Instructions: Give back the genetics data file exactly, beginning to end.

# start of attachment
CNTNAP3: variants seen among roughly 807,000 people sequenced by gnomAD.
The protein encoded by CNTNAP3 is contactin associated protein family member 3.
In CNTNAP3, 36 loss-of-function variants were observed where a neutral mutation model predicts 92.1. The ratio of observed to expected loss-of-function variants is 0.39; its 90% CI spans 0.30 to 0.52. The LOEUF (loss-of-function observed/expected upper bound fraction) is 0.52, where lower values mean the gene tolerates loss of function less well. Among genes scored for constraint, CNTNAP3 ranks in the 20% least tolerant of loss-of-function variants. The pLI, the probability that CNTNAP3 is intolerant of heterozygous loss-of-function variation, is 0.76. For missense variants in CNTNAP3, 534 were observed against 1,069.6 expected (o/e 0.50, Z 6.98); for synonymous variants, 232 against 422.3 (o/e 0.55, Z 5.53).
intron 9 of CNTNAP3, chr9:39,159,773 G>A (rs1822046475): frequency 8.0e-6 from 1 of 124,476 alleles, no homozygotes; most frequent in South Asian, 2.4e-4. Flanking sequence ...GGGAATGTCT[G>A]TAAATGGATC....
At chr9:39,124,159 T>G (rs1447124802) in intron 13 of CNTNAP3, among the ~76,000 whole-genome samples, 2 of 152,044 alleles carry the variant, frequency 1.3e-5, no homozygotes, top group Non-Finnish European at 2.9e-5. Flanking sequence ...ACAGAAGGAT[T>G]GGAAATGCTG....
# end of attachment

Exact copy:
CNTNAP3: variants seen among roughly 807,000 people sequenced by gnomAD.
The protein encoded by CNTNAP3 is contactin associated protein family member 3.
In CNTNAP3, 36 loss-of-function variants were observed where a neutral mutation model predicts 92.1. The ratio of observed to expected loss-of-function variants is 0.39; its 90% CI spans 0.30 to 0.52. The LOEUF (loss-of-function observed/expected upper bound fraction) is 0.52, where lower values mean the gene tolerates loss of function less well. Among genes scored for constraint, CNTNAP3 ranks in the 20% least tolerant of loss-of-function variants. The pLI, the probability that CNTNAP3 is intolerant of heterozygous loss-of-function variation, is 0.76. For missense variants in CNTNAP3, 534 were observed against 1,069.6 expected (o/e 0.50, Z 6.98); for synonymous variants, 232 against 422.3 (o/e 0.55, Z 5.53).
intron 9 of CNTNAP3, chr9:39,159,773 G>A (rs1822046475): frequency 8.0e-6 from 1 of 124,476 alleles, no homozygotes; most frequent in South Asian, 2.4e-4. Flanking sequence ...GGGAATGTCT[G>A]TAAATGGATC....
At chr9:39,124,159 T>G (rs1447124802) in intron 13 of CNTNAP3, among the ~76,000 whole-genome samples, 2 of 152,044 alleles carry the variant, frequency 1.3e-5, no homozygotes, top group Non-Finnish European at 2.9e-5. Flanking sequence ...ACAGAAGGAT[T>G]GGAAATGCTG....